Immigrant in ICE custody dies after testing positive for COVID-19

More than 48% of the 1,460 detainees who have been screened for the virus have tested positive.Cases inside the agency’s sprawling network of county jails and private prisons have been growing substantially on a consistent basis, with the agency reporting 581 cases in the past three weeks alone. ICE could’ve determined that this person who had underlying conditions could and should’ve been released,” she told CBS News. Immigration detention is civil detention — it is discretionary. “He was a good person.”

“He was a person who loved his family. “On April 15, he had the opportunity to have many more years of life. Immigration and Customs Enforcement (ICE) in southern California died on Wednesday from coronavirus complications, local health authorities said, confirming the first known death of a detainee in the agency’s custody during the pandemic. Anne Rios, a supervising attorney at Al Otro Lado, a group that has been working to release dozens of detainees from the Otay Mesa detention center, said she is worried about other immigrants dying while in custody. He loved life. He had lived in the U.S. A drug-related charge in 2012 was expunged the following year, she added. On April 15, when they denied him every possibility to be released in the middle of a pandemic, knowing how frail he was, they sentenced him to die,” Del Valle told CBS News.According to Del Valle, Escobar Mejía struggled with alcohol and drug abuse earlier in his life, saying he had some substance convictions that date back roughly three decades. ICE has said the immigrants became confrontational and disruptive, and maintained that the “calculated use of force” mitigates the risk of injuries to both staff and detainees.Since the pandemic started spreading across the U.S., immigrant advocates and human rights groups have been pressuring ICE to dramatically downsize its detainee population to mitigate the risk of widespread outbreaks. ICE has so far released more than 900 immigrants who it determined face an increased risk of severe illness if they contract the coronavirus due to their age, underlying health conditions or the fact that they are pregnant. Immigrant in ICE custody dies from coronavirus complications in California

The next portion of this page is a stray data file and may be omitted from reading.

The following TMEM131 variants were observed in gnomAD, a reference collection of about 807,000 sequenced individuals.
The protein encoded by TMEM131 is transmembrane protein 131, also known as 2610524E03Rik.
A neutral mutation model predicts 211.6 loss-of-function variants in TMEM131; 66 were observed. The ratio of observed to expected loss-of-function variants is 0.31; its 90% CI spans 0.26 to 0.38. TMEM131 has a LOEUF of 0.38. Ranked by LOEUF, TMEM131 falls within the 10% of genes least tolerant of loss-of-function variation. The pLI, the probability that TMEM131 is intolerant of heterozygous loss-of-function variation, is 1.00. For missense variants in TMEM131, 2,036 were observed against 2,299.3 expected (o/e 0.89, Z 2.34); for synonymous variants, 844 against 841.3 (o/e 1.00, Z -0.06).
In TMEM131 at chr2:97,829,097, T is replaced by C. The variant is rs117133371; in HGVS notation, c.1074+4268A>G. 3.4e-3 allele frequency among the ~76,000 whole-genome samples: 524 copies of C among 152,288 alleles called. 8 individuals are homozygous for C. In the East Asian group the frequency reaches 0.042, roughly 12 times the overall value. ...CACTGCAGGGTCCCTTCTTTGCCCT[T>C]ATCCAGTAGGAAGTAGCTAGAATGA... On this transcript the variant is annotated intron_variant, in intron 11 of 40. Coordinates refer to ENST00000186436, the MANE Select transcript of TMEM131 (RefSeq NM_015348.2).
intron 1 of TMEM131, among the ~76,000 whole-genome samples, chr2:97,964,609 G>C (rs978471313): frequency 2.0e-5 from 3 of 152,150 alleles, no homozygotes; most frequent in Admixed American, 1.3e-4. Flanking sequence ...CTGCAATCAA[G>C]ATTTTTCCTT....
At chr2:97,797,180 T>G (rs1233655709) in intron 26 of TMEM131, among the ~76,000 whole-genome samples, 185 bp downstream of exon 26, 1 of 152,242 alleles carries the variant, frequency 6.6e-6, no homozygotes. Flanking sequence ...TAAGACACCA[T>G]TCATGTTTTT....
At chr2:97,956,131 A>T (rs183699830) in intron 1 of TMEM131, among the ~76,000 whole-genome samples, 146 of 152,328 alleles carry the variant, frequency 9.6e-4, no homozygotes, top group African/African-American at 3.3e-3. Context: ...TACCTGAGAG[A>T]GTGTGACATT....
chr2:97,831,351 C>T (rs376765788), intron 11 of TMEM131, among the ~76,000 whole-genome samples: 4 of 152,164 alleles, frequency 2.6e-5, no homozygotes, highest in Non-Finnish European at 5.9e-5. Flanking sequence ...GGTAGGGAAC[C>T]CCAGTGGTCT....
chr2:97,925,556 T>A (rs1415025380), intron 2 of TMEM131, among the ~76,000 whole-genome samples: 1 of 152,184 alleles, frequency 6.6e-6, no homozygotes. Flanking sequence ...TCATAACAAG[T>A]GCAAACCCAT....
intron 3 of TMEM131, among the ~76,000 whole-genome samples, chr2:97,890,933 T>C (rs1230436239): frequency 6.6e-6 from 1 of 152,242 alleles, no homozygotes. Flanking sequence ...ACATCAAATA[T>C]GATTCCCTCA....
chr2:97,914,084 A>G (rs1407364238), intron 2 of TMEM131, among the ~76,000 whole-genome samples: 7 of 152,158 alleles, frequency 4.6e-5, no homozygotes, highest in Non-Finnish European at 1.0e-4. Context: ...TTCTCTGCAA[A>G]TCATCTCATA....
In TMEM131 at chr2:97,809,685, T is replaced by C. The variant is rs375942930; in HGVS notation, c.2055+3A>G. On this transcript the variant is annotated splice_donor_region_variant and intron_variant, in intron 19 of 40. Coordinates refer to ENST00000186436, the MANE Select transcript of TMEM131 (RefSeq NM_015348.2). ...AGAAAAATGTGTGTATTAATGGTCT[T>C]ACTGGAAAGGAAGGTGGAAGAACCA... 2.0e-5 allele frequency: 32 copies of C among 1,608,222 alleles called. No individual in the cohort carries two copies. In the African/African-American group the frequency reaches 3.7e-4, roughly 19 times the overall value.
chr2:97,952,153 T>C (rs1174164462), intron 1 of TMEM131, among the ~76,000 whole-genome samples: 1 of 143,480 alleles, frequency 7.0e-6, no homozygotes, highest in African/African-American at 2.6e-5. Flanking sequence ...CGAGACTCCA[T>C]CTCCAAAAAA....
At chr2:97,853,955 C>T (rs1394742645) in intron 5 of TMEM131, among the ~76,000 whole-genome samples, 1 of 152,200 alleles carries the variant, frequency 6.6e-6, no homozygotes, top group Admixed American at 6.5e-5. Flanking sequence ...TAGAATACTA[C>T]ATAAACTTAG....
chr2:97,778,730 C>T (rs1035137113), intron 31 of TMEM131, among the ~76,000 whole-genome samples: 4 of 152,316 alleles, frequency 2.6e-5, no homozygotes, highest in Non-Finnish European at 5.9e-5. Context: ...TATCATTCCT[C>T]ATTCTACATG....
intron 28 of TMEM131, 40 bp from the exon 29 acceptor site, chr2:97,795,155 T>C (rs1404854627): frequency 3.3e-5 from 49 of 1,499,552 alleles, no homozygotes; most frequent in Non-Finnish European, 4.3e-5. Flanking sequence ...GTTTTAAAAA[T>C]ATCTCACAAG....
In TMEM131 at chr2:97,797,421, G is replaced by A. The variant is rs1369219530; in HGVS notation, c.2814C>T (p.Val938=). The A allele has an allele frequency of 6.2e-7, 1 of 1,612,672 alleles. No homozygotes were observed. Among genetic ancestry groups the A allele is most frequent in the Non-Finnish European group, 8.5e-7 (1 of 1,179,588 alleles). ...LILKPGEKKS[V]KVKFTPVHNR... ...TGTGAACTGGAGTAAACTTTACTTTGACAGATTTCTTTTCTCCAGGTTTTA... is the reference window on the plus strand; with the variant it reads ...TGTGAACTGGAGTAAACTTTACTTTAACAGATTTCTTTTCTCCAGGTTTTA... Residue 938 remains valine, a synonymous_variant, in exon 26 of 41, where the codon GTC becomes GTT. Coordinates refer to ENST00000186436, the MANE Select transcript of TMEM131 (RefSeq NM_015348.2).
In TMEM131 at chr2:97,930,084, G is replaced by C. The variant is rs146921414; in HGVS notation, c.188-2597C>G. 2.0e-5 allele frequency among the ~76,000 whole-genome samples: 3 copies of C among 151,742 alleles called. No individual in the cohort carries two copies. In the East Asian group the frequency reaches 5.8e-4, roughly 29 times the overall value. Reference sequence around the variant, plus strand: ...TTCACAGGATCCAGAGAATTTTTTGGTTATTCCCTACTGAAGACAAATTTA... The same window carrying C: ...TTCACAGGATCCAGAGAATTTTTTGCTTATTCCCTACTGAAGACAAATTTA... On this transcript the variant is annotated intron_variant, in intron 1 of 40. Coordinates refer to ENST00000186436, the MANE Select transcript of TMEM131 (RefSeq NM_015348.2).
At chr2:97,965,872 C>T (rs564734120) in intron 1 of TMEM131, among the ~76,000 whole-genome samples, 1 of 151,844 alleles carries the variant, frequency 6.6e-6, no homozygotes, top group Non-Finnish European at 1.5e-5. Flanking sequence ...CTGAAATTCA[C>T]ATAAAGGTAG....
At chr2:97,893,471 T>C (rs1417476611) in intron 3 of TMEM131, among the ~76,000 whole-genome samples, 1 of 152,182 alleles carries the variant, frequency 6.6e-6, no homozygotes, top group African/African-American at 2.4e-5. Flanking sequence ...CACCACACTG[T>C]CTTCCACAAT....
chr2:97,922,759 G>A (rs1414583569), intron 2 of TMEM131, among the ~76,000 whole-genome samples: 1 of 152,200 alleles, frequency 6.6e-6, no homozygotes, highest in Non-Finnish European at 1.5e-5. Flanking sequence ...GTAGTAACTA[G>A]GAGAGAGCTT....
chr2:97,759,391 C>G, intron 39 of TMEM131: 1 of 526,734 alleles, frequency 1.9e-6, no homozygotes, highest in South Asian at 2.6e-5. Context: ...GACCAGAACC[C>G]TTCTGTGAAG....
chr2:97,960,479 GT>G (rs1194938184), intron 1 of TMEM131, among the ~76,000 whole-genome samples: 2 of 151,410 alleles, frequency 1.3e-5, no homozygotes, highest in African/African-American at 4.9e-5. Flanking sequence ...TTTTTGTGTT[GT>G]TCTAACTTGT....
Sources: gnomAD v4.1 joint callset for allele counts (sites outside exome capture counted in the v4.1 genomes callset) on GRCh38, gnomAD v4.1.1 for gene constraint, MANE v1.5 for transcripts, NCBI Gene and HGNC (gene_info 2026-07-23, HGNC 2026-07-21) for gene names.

By Camilo Montoya-Galvez

May 7, 2020 / 7:00 AM
/ CBS News

Detained migrants speak out on coronavirus fears

An immigrant detained by U.S. Granting requests in lawsuits filed by advocates across the country, federal judges have also required the agency to release more than 190 at-risk detainees.But advocates believe the agency has not done enough to protect detainees. First published on May 6, 2020 / 9:36 PM Staying nine years clean after being so deep in using drugs is a big advancement,” Del Valle said. Across the nation, at least 705 immigrants in ICE custody have tested positive for the coronavirus, according to the agency, which reported 31 new cases on Wednesday. For the past years, however, Escobar Mejía had turned his life around, Del Valle said.”Having a record, it depends on you if you want to change your life — and he did. The 57-year-old immigrant died Wednesday morning in a San Diego-area hospital after being transferred in April from the privately operated Otay Mesa detention center, the epicenter of coronavirus cases inside the nation’s immigration detention system, according to Craig Sturak, a spokesperson for the County of San Diego Health & Human Services Agency.The man was identified as Carlos Ernesto Escobar Mejía by his immigration attorney for nine years, Joan Del Valle. Immigration

20,000 migrants have been expelled along border under coronavirus order

Immigrant in ICE custody dies after testing positive for COVID-19

U.S. suspends protections for migrant kids at border, expelling hundreds

ICE detainees clash with Massachusetts jail officials over coronavirus

Report details poor conditions at ICE jails with coronavirus cases

More in Immigration

Escobar Mejía had been transferred to the Otay Mesa detention center after being picked up by ICE in January during the arrest of someone he was in a car with, Del Valle said. was too distraught to discuss his death publicly and authorized her to speak on their behalf.Del Valle said her longtime client, who had undergone surgeries and suffered from diabetes, was denied bond on April 15 by an immigration judge. “This was 100% avoidable. “They had the discretion to do so and yet they chose not to.”ICE officials did not immediately respond to requests to comment on Wednesday’s death. She stopped representing him after after he was transferred to the detention facility in the San Diego-area, since she’s based in Los Angeles. I will never forget his voice, his joy, his smile, his desire to press forward,” she added.At least 132 ICE detainees at the San Diego-area prison have tested positive for coronavirus, the most of any detention center used by the agency to hold immigrants it is looking to deport. I want people to focus on Carlos, a good person who was fighting an addiction and bad influences and he was successful. Many of the more than 29,000 immigrants held by ICE have been growing increasingly frustrated, and have said they feel powerless to shield themselves from the contagion while in close quarters.There have been at least nine instances since President Trump declared a national emergency over coronavirus in March in which protesting ICE detainees have been pepper sprayed. Del Valle said Wednesday night that Escobar Mejía’s family in the U.S. since the 1980s, including 20 years in Los Angeles, according to Del Valle. Who wanted to improve, make things right.